U.S. mutual funds and exchange-traded funds collected $79 billion in 2023. This marks a rebound from a historically weak year in 2022, which represented the second-lowest positive organic growth rate in Morningstar data since 1993. It was negative until October. Investors poured $57 billion into U.S. funds in December, the largest monthly amount this year.
It's official: Passive funds will overtake active funds.
Passive funds have been steadily encroaching on active funds' turf for years, but they ended 2023 with more assets. While U.S. equity flows have long favored passive products, international equity and fixed income flows have followed suit, helping to get passive funds over the hump.
The index fund phenomenon is on cruise control
Active bond funds collected more dollars on a net basis than passive bond funds in the years leading up to 2013, but they haven't achieved that feat in a calendar year since. International equity flows began to favor passives in 2008, and US equity flows first turned in that direction in 2005, he said. For the past 10 years, it has been a one-way street.
Escape Category Flow to Passive Influence
Flows into the blended style category are strongest, as the largest and most prominent passive equity funds own a broad swath of the market. Conversely, value and growth categories tend to lean towards actively managed strategies and are more prone to outflows. The active-to-passive undercurrent sometimes complicates the investment signals of capital flows.
Push, pull and rebalance of market performance
A strong year for the stock market meant that equity funds' share of total U.S. fund assets expanded, but it wasn't that different from a year ago. Overall investor activity typically reflects rebalancing. That was especially true in 2023, when taxable bond funds saw more than $200 billion in inflows, while U.S. and sector stock funds saw outflows and international stock funds had very little inflows.
Active outflows offset passive inflows during US stock fund slump
Investors were net buyers of U.S. stock funds during the terrible market of 2022, but that reversed in 2023 when stocks recovered. U.S. stock funds are expected to experience outflows of approximately $14 billion in 2023. As usual, passive US equity funds saw large inflows ($244 billion), while active funds suffered widespread net outflows ($257 billion). Active funds shed assets in all nine U.S. equity categories in 2023. Large funds had their worst year on an organic growth basis since 2000.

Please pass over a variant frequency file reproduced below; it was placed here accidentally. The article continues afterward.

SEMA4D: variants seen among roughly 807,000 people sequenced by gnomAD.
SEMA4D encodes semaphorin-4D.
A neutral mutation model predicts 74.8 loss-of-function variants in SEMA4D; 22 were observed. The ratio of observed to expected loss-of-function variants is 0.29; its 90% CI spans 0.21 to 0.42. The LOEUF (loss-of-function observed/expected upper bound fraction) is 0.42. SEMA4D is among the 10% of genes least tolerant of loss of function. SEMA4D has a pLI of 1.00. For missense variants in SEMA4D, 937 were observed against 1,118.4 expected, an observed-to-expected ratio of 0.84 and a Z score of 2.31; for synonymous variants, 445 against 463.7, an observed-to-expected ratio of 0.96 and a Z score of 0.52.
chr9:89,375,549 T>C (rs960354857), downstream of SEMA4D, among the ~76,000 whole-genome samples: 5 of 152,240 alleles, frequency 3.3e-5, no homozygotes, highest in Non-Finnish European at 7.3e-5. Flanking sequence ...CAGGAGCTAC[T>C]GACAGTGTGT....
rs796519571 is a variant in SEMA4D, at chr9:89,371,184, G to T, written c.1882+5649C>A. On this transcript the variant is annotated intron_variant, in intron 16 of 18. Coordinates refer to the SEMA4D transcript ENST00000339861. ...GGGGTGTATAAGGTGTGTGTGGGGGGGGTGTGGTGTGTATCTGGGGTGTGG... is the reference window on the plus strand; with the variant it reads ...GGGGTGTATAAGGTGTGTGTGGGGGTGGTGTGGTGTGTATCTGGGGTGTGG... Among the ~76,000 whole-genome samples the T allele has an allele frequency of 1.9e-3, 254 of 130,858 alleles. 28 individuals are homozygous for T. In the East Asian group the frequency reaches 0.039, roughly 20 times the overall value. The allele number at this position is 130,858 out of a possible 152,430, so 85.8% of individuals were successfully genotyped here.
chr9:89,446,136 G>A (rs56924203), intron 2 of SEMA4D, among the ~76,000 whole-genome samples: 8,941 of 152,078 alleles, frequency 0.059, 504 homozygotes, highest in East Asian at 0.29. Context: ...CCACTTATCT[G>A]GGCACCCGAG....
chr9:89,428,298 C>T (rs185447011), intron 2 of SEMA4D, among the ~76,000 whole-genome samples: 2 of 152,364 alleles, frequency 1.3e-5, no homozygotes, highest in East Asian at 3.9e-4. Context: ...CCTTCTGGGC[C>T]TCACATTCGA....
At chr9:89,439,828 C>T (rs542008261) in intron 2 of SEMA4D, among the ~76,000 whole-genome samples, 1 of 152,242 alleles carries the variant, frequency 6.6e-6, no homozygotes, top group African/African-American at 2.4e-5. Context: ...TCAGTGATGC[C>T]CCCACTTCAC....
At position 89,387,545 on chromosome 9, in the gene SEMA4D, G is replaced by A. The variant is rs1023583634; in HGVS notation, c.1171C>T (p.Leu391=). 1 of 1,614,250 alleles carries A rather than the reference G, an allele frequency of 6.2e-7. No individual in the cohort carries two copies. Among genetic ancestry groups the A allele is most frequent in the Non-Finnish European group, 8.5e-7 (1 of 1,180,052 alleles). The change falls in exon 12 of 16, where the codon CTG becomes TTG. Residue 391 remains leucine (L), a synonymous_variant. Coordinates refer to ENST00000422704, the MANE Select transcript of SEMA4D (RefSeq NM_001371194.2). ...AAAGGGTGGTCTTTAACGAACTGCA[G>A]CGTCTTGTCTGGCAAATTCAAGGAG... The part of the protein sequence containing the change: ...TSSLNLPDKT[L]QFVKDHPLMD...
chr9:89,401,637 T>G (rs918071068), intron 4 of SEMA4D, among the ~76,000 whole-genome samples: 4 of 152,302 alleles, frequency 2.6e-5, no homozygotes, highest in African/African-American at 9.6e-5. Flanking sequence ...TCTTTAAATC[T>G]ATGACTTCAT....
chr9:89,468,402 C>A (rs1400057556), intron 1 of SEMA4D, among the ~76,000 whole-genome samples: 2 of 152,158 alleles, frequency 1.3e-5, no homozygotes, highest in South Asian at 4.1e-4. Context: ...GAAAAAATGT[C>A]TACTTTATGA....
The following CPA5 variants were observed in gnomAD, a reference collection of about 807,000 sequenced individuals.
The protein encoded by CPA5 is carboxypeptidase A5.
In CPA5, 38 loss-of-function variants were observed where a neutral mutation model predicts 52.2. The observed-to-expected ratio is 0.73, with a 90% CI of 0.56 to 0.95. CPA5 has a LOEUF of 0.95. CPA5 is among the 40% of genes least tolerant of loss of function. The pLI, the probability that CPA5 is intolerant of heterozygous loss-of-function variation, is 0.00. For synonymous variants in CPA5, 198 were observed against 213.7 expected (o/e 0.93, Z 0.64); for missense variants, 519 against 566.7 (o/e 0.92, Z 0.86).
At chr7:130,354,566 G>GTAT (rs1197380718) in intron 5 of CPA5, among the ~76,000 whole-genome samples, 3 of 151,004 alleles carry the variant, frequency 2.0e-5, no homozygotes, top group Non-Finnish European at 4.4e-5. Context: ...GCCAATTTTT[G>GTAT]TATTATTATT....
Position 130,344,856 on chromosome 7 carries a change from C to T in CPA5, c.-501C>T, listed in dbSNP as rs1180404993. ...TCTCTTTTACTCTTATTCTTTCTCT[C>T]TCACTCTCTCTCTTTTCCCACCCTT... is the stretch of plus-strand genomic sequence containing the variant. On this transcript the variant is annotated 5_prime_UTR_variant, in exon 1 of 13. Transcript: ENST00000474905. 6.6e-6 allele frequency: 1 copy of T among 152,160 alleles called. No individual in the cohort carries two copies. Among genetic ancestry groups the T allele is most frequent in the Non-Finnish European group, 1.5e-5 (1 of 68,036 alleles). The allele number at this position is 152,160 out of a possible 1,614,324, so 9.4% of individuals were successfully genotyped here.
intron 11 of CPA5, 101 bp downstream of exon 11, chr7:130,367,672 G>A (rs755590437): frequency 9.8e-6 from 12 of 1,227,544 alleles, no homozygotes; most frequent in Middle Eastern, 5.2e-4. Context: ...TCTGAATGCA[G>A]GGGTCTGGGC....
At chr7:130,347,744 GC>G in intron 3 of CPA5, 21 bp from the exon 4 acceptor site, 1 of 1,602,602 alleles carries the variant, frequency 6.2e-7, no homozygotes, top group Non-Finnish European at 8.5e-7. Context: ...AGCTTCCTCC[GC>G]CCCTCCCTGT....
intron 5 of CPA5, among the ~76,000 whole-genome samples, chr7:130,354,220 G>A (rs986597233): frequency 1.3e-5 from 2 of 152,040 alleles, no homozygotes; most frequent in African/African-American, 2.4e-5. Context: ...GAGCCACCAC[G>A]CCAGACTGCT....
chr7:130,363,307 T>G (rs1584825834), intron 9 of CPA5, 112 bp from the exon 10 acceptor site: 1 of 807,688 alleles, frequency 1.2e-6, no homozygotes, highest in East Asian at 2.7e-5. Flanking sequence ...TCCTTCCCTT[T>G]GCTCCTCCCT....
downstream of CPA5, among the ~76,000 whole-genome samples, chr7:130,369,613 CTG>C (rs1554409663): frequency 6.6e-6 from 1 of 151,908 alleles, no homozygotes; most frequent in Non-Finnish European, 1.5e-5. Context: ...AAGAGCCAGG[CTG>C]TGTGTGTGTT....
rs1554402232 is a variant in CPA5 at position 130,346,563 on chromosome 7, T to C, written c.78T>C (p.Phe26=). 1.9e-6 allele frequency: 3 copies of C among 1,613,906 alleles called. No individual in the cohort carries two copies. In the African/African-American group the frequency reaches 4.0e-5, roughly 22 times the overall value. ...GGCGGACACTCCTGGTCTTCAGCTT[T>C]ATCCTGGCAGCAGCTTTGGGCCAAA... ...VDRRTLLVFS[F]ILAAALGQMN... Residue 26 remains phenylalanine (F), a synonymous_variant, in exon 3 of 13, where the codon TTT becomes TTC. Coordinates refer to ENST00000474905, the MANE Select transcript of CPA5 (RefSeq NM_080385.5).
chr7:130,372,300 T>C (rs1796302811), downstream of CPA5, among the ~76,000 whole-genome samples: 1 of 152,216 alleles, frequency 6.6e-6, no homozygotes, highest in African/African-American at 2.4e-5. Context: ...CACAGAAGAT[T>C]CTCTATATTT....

Taxable bond funding storm returns in 2023
Rising interest rates sent bond investors fleeing in 2022, but rising yields and the prospect of future rate cuts brought in money in 2023. Taxable bond funds raised about $220 billion that year, a healthy amount but well short of the $400 billion. -Plus annual inflows from 2019 to 2021. Investors were spooked when interest rates peaked in the fall, but have otherwise been solid net buyers.
The Usual Suspects Dominates Fund Family Flows
IShares raised approximately $107 billion in 2023, leading all fund families. State Street and Vanguard weren't far behind. JPMorgan finished in fourth place and deserves a nod given its focus on active funds. But the era belongs to the giants of passive investing, and their market share continues to rise steadily. As of December 2023, nearly 30% of U.S. fund assets were held at Vanguard.
This article was adapted from the December 2023 Morningstar Direct U.S. Asset Flow Commentary. Download the full report here.